The Alpine Lakes Wilderness may be reached from numerous trail heads along the I-90 corridor. This little trail-gem sparkles, hidden in Snoqualmie Pass. It varies in terrain from abandoned logging road, through clear cut, all the way up to pristine alpine lake(s) nestled into a glacier scoured cirque. Seasonal changes make this medium difficulty hike worth returning to time and time again.
When you’ve left your car be certain to follow the directions on the sign: “Trailhead 100 Yards Up Road”. Walk those 100 yards, then take a spur road off to your left.
Formerly gated (the yellow posts indicate this), it's now simply a road. Walk up this road for a half-mile. The logging-road-turned-trail is fairly soul-less, though wildflowers flourish in the disturbed soils and the trees are gaining height. Magnificent blooms of beargrass are abundant here in late June and early July.
After a half mile on this second road, your route intersects with a narrow, winding trail. Look for a brown pole with a small sign featuring a hiking symbol and arrow pointing left. Start hiking up this true trail, through an old clearcut.
After 1.5 miles of hiking, find yourself in a clearing where there is a sign with arrows indicating the Lake Lillian and Margaret Lake trails. Since you're heading Twin Lakes and Lake Lillian, take the trail marked just for Lake Lillian.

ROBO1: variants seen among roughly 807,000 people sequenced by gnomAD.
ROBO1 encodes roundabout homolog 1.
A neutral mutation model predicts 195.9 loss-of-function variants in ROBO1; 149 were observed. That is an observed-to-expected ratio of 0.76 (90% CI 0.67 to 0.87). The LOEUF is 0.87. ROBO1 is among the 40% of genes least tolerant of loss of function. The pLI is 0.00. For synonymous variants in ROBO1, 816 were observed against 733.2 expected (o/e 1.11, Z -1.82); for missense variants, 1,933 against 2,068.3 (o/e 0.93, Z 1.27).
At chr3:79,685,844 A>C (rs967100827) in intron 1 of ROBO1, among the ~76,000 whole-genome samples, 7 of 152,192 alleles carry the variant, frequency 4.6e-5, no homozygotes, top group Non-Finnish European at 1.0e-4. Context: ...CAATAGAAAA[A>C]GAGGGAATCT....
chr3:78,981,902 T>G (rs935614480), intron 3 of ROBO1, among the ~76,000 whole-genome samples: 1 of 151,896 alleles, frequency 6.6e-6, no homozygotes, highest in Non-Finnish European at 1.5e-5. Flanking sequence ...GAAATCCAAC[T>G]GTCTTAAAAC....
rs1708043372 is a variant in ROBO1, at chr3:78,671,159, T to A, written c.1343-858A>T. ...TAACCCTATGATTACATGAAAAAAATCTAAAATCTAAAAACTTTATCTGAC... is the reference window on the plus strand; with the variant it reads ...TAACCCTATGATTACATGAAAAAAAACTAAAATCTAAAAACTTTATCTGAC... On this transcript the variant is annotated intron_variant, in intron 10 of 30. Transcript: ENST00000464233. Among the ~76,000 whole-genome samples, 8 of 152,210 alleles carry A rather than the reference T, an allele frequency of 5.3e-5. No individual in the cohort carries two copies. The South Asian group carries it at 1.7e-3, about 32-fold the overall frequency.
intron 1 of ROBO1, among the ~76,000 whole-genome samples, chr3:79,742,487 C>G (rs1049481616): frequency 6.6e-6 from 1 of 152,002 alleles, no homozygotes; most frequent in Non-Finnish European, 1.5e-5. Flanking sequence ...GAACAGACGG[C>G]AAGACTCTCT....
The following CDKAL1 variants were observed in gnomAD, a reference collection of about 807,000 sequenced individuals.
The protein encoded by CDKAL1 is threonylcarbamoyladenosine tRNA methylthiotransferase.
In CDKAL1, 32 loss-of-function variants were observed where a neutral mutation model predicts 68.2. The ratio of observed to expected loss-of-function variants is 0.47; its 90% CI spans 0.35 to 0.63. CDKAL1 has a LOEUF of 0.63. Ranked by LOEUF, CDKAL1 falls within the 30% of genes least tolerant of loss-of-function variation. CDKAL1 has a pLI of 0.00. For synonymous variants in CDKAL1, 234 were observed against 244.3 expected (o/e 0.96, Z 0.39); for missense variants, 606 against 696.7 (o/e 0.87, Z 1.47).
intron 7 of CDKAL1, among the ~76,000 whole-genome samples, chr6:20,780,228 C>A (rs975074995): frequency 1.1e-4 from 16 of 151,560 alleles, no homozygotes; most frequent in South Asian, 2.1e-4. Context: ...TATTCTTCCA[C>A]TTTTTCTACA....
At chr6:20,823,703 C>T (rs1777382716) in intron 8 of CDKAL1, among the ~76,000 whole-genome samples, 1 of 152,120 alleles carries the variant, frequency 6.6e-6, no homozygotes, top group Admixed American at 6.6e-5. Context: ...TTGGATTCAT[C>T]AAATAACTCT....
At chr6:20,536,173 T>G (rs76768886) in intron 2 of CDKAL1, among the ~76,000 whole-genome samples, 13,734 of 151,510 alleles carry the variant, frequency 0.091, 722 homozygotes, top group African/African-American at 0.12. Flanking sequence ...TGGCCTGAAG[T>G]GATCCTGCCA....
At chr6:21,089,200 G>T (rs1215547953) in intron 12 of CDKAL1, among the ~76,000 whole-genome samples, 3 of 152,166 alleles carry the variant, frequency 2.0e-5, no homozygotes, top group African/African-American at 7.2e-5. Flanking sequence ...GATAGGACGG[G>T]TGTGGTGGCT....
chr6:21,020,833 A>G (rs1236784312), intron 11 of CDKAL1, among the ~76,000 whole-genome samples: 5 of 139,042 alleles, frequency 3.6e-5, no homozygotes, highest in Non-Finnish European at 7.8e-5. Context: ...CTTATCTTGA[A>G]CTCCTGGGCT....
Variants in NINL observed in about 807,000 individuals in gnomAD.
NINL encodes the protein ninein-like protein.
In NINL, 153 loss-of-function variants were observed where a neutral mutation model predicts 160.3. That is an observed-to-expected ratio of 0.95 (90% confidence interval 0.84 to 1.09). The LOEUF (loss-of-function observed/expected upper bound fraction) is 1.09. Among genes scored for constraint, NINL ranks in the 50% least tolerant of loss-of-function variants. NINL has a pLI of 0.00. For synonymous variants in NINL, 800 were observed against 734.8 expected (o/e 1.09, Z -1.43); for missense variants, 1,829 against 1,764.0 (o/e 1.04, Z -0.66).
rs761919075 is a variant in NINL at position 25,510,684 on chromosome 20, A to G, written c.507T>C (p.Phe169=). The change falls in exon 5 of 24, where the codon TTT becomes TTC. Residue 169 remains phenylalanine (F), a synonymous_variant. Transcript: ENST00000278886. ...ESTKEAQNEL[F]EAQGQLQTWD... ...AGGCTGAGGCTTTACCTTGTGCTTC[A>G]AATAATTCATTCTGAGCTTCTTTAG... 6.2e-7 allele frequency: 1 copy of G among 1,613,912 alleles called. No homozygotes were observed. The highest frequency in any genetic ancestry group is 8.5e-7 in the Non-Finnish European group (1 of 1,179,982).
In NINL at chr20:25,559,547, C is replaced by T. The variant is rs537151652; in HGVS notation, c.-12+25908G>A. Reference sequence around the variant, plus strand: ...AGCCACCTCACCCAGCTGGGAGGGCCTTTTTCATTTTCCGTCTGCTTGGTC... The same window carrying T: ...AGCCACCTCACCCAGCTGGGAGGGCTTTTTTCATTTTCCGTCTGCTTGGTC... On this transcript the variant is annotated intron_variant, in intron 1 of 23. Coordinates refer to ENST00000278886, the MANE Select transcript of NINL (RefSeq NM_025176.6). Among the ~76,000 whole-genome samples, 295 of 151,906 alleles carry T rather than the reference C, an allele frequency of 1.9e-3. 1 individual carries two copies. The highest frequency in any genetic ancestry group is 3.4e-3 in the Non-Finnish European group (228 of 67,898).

From here, the trail descends to Twin Lakes over the course of a mile. Sandy bottomed and warm, this can be a perfect turn around point or meadow to luxuriate in. Stick with the most heavily trodden path bending off left of the lakes and cross the lake outlet/meadow.
If you're heading to Lake Lillian, the trail does a fair amount of up and down, rising, descending, and then rising steeply before reaching Lake Lillian. Along the way you will cross the toe of a sizable talus slope. Just as you get to the southern edge of the talus look for a waterfall cascading down Rocky Run to your left.
Lake Lillian will almost be a surprise when you pop over the ridge to it. The water is pristine, the granite and sparse hemlocks gorgeously framing this aquamarine paradise. The lake banks are steep so exploring can be difficult although a climbers track runs up the east side of the lake towards Rampart Ridge and beyond for the adventurous. Linger here at the lake for an hour or a day or two. You’ve only just crossed into the Alpine Lakes Wilderness.